Plan it into your life alongside following SCD or taking supplements.  Give yourself an excuse to make new friends doing activities that don’t depend on food like:

  1. Yoga classes
  2. Volunteering
  3. Joining a club (like a book club, movie club, eagles, etc.).
  4. Take hobby classes (woodworking, instruments, etc.)
  5. Recreational Sports (softball, volleyball, etc.)
  6. Religious groups
  7. College courses on topics you’re interested in, and on and on…

2.  Fix (or end) bad relationships…

This is a tough one, but it’s important.  Mend a bad relationship or end it and move on.  If you’re suffering with chronic illness, there’s no room for the negative effects these relationships have on your ability to recover.  This is life or death…

Hostile or abrasive relationships affect physiological function and health… and slow wound healing[6].  Not only that, but having better control over feelings of anger has been shown to improve wound healing[7].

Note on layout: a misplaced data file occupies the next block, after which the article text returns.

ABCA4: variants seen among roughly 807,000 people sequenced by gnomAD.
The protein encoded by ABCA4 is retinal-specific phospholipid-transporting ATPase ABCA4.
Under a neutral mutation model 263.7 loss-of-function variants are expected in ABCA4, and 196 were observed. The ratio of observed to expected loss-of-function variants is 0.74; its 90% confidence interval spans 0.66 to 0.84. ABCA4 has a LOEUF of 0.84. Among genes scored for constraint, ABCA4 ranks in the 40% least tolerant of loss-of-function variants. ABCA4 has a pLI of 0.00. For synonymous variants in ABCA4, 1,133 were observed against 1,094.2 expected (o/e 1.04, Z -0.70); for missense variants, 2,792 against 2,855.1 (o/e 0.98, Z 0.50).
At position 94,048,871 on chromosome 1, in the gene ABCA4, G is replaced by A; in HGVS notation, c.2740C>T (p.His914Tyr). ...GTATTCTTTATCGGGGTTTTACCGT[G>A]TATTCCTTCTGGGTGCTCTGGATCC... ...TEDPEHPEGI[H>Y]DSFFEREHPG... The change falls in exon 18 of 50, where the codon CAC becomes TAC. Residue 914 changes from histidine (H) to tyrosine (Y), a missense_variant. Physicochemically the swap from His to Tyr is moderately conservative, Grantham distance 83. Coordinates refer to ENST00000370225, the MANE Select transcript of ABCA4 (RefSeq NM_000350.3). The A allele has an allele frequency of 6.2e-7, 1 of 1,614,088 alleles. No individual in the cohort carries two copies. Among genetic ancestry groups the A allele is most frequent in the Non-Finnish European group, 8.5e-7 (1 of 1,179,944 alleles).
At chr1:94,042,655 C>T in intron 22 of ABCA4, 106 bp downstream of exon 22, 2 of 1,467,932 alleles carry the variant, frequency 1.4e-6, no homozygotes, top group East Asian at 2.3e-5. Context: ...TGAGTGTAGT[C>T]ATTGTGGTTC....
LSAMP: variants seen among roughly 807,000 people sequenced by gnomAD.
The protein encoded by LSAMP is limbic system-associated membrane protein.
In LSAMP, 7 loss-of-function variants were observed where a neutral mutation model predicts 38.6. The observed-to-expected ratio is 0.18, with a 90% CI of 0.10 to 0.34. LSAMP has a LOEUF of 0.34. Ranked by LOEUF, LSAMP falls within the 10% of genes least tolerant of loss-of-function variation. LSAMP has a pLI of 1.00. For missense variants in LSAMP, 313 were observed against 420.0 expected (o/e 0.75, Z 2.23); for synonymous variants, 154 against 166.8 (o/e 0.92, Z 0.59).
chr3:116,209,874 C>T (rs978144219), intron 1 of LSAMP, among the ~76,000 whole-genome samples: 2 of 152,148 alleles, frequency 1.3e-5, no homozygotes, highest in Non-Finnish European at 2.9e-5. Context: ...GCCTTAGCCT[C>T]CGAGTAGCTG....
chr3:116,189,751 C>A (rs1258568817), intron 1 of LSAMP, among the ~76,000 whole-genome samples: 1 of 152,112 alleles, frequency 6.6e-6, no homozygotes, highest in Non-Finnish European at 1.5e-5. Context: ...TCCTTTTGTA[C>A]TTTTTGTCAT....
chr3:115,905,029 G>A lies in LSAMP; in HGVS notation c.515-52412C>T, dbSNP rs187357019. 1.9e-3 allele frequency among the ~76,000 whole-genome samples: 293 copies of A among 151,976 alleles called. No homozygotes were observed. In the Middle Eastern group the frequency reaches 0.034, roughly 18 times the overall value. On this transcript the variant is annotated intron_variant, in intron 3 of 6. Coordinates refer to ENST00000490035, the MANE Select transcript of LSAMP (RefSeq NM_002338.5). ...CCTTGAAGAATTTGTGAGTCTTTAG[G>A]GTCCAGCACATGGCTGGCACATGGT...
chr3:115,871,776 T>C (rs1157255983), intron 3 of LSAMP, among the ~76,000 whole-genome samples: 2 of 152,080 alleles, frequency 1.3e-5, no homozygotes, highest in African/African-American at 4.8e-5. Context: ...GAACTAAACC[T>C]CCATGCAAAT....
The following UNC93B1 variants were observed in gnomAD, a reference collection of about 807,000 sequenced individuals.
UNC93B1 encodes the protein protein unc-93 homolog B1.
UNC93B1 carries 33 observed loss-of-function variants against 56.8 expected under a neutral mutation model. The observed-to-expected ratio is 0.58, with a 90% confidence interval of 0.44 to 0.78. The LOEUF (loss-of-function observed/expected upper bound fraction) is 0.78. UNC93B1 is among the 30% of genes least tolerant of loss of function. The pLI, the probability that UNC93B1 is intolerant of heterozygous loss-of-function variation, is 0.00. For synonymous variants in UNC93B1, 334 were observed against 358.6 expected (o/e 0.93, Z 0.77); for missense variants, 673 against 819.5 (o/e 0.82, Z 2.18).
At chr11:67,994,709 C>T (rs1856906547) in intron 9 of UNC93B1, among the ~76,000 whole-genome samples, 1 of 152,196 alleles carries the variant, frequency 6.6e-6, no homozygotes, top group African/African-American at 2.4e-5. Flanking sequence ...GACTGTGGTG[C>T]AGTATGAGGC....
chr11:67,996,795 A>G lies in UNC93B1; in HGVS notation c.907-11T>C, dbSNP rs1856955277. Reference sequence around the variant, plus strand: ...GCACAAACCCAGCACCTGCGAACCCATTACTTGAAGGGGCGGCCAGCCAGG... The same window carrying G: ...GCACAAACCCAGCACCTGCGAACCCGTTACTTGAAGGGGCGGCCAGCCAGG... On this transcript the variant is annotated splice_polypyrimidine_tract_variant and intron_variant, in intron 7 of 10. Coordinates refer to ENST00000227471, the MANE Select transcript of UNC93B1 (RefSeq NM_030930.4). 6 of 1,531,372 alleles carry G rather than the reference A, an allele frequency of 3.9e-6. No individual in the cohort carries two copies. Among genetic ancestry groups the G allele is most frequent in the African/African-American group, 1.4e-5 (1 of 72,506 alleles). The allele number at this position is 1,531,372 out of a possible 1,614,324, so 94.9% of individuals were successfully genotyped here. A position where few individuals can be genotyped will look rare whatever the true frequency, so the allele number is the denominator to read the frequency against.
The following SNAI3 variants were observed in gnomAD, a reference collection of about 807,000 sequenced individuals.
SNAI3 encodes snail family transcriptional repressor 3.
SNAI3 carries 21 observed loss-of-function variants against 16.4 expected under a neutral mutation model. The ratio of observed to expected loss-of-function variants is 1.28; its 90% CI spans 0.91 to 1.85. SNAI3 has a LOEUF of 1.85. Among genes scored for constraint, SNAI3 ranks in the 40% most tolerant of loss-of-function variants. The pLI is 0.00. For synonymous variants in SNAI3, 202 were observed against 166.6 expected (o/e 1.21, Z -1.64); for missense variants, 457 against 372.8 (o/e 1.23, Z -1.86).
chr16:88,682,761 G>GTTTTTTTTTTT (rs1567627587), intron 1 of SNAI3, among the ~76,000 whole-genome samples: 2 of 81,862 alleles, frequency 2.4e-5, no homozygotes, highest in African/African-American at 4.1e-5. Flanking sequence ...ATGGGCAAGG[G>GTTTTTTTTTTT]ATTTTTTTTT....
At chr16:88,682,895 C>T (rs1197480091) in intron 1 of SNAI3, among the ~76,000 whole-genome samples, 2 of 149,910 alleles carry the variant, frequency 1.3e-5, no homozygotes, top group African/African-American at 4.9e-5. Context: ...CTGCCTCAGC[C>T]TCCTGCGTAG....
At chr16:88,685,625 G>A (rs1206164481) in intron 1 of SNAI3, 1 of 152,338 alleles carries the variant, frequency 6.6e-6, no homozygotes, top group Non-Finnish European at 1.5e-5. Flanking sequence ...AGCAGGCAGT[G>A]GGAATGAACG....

Mend bad relationships or remove them from your life.  You may be surprised by how much better you’ll feel (and how much faster you’ll heal) when they’re gone.  The goal is to spend more time having fun with friends and family.

3.  Practice being present and increasing your awareness

Being present will help you have more fun with your friends and family.  Not only that, but relaxation interventions seem to facilitate faster wound healing from things like surgery [8].

I’ve practiced meditation over the years and it increased my awareness of the present moment and allowed me to experience more joy in my daily life.  It can help you experience more joy from the relationships you have with your friends and family.